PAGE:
0:00 – A Beginning (Anthology 3)
0:50 – Hey Bulldog (Yellow Submarine Songbook)
3:57 – Flying (Magical Mystery Tour)
6:03 – Baby’s In Black (Take 7)
6:16 – Baby’s In Black (Beatles For Sale)
8:16 – I’m Looking Through You (Take 1)
11:18 – Don’t Bother Me (With The Beatles)
13:41 – Helter Skelter (The White Album)
18:11 – The Word (Rubber Soul)
20:52 – You’ve Got To Hide Your Love Away (Take 5) (Anthology 2)
21:16 – You’ve Got To Hide Your Love Away (Help!)
23:23 – Misery (Take 1)
25:14 – She Loves You (3rd-Party Stereo Mix)
27:32 – Hold Me Tight (Take 22)
28:19 – Hold Me Tight (Take 23)
28:55 – Hold Me Tight (Take 24)
28:58 – Hold Me Tight (With The Beatles)
31:26 – And Your Bird Can Sing (Take 2)
33:46 – A Day In The Life (Take 1)
34:18 – A Day In The Life (Take 6)
38:37 – Sgt. Peppers Hearts Club Band (Own Acapella mix with crowd/audience sfx.)
40:20 – Got To Get You Into My Life (Take 5) (Anthology 2)
43:06 – Baby You’re A Rich Man (Magical Mystery Tour)
46:02 – Get Back (Rooftop Performance #2)
46:04 – Get Back (Rooftop Performance #3)
49:06 – Get Back (Let it Be)
49:16 – Within You Without You/Tomorrow Never Knows (Love)
52:31 – Lucy In The Sky With Diamonds (Love)
56:42 – Goodnight (The White Album)
In the second year of the journalism program at Fanshawe, we are put on a series of 4-5 week stints – or “rotations” – doing particular things. For example, for 5 weeks, you’ll be a reporter. The next 5 weeks, you’ll be a newscaster.
And then, for 4-5 weeks (depending on the term) you’ll be a ‘current affairs/documentary’ producer where, through sub-rotations, you’ll either be a) making 4 minute docs, b) hosting the show that airs the 4 minute docs, c) making a 26 minute audio piece, or d) making a video doc.
Last week, I was tasked to do c): make a 26 minute audio piece. Since last week was also the week St. Patrick’s Day was going on, I decided to revisit the infamous 2012 St Patrick’s Day riots that took place around Fleming Drive.
Around 1000 students were involved in the mayhem that went into the early morning hours, and by the end there were injuries, broken bottles, and a torched news truck. The city, and nearby Fanshawe College, suffered major black eyes from the incident, as the story went through regional, national, and then international media.
One of the main ‘infamous’ moments of the riots was when a CTV truck got overturned and set ablaze. The photo at the top shows how the truck looked days after. (Thanks to former CTV’er Lisa Xing for uploading that to her Flickr.)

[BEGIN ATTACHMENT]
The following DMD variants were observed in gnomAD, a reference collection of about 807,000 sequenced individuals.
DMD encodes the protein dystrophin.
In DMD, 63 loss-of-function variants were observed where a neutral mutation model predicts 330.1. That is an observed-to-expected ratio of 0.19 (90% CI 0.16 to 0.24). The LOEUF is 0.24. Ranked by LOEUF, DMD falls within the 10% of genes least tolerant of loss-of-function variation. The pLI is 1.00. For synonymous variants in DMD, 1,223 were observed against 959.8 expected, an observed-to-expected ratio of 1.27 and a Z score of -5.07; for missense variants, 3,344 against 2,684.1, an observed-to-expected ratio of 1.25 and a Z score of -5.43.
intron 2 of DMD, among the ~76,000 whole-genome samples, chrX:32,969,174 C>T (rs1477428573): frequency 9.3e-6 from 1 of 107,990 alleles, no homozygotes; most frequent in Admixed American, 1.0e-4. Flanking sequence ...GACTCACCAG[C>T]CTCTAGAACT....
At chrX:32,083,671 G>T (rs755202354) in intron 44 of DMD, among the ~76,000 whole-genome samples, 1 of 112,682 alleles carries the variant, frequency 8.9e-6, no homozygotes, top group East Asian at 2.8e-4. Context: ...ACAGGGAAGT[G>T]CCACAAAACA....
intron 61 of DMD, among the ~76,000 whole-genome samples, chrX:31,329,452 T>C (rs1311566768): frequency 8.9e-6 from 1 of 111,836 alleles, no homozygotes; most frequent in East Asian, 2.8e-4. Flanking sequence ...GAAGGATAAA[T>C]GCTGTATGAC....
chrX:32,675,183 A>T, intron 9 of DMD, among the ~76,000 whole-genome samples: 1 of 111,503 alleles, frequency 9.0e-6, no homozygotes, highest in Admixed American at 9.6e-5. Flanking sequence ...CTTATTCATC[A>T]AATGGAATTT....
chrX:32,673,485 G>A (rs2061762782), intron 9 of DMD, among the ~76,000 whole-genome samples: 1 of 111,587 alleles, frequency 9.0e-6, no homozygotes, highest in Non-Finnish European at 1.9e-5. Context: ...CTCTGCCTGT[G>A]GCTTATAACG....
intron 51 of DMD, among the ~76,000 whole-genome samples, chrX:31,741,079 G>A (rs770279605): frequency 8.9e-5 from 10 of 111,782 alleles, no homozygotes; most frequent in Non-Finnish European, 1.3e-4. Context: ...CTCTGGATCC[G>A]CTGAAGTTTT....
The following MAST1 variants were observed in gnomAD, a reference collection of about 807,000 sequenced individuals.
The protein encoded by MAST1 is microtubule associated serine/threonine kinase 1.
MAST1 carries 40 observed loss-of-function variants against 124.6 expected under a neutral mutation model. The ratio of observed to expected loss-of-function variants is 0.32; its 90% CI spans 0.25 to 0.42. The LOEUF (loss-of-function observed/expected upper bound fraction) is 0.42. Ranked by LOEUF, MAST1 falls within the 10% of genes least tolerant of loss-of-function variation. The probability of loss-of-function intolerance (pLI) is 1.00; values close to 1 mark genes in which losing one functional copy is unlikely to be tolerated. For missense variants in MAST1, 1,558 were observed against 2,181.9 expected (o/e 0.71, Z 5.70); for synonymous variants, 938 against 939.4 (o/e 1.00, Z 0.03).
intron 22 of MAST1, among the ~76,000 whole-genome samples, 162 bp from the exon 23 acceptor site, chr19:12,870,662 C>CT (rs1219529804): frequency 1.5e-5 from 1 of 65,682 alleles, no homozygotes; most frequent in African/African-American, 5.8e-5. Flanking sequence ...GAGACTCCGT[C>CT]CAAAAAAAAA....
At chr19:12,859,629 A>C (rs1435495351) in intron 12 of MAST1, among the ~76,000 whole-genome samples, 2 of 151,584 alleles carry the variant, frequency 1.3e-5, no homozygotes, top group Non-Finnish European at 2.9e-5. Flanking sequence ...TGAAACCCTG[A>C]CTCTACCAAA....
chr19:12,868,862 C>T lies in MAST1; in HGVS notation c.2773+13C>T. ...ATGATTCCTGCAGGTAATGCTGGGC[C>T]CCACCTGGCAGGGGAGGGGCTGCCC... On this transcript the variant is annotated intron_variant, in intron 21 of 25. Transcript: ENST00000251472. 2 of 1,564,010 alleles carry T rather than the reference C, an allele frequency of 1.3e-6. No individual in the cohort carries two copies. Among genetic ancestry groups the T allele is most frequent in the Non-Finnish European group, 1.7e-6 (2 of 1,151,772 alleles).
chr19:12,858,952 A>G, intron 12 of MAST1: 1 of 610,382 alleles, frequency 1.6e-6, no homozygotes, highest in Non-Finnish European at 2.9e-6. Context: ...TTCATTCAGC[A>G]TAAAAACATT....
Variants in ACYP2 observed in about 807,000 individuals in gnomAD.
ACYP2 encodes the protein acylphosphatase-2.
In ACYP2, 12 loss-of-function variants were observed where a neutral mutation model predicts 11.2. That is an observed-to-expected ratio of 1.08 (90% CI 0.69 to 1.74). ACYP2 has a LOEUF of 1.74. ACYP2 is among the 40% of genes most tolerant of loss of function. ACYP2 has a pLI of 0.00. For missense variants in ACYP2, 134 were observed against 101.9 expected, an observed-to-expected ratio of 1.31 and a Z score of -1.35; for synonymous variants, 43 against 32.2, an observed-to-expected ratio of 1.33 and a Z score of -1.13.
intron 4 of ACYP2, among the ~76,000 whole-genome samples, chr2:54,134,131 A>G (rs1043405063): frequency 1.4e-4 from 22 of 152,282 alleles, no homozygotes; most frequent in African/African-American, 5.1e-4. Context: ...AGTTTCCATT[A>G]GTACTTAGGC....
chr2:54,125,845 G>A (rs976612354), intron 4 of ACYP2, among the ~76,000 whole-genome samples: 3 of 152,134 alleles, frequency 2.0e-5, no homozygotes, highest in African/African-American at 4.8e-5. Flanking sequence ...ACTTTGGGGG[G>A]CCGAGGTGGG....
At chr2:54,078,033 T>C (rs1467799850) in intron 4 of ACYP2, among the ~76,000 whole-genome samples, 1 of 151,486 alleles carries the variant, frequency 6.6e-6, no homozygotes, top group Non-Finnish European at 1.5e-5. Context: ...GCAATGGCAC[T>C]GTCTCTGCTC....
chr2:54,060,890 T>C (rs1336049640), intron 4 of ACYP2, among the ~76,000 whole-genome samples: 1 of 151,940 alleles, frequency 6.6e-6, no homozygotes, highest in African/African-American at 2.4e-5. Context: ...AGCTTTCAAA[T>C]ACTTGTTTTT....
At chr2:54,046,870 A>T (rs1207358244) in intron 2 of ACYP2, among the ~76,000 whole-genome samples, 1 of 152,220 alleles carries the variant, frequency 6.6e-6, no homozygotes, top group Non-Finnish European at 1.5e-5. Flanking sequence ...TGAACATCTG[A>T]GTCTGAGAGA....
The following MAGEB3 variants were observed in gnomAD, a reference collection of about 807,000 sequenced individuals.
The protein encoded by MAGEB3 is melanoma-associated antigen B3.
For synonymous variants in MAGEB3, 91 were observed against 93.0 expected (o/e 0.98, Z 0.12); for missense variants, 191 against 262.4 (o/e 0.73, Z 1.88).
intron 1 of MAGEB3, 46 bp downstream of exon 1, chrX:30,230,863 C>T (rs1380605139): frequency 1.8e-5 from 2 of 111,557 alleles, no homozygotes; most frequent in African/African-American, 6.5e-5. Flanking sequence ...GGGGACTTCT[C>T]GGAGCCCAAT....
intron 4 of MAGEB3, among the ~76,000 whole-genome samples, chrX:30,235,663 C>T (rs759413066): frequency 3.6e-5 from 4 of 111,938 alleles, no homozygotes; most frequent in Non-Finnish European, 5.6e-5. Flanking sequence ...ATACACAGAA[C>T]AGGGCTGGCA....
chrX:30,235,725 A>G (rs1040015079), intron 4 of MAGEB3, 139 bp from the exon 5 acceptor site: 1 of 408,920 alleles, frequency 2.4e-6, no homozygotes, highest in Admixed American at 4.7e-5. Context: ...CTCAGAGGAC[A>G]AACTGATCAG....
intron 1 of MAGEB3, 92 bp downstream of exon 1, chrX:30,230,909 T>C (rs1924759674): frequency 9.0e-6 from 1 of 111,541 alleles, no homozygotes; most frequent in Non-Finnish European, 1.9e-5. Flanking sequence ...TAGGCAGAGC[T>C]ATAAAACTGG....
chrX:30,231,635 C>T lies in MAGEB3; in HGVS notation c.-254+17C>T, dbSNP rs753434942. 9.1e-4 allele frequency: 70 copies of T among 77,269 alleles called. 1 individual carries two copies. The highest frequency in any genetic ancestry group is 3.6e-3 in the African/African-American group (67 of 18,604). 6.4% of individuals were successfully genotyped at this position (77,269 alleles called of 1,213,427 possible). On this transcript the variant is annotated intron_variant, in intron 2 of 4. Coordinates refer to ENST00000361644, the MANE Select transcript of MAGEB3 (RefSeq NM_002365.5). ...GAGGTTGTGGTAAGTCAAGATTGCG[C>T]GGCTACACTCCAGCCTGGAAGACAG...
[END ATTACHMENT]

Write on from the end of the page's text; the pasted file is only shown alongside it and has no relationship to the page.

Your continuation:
The piece is in two segments, which you can listen to above. The piece was assembled in about 3 and a half days, so if there are rough spots, there’s the reason.
Thanks to Police Chief Brad Duncan, former XFM’er Marty Thompson, CTV’s Chuck Dickson, and FSU President Adam Gourlay for talking to me. With their permission, I may upload longer interviews in the future, as I had to cut a lot out!
Chuck’s footage, referenced in the piece, can be viewed in 3 parts below on YouTube.
A friend and I were making Simpsons references, then we made one about Groundskeeper Willie, then we arrived at his “Downtown” audition for the B-Sharps, then I decided to put the real song by Petula Clark, and his audition, together.
Watched the Grammy’s last night. Seeing everyone trying to one-up the other in the “witty and clever tweet” department reminded me of this piece posted to the Times on Saturday.
It feels as if we’re all trying to be a cheeky guest on a late-night show, a reality show contestant or a toddler with a tiara on Twitter — delivering the performance of a lifetime, via a hot, rapid-fire string of commentary, GIFs or responses that help us stand out from the crowd. We’re sold on the idea that if we’re good enough, it could be our ticket to success, landing us a fleeting spot in a round-up on BuzzFeed or The Huffington Post, or at best, a writing gig. But more often than not, it translates to standing on a collective soapbox, elbowing each other for room, in the hopes of being credited with delivering the cleverest one-liner or reaction. Much of that ensues in hilarity. Perhaps an equal amount ensues in exhaustion.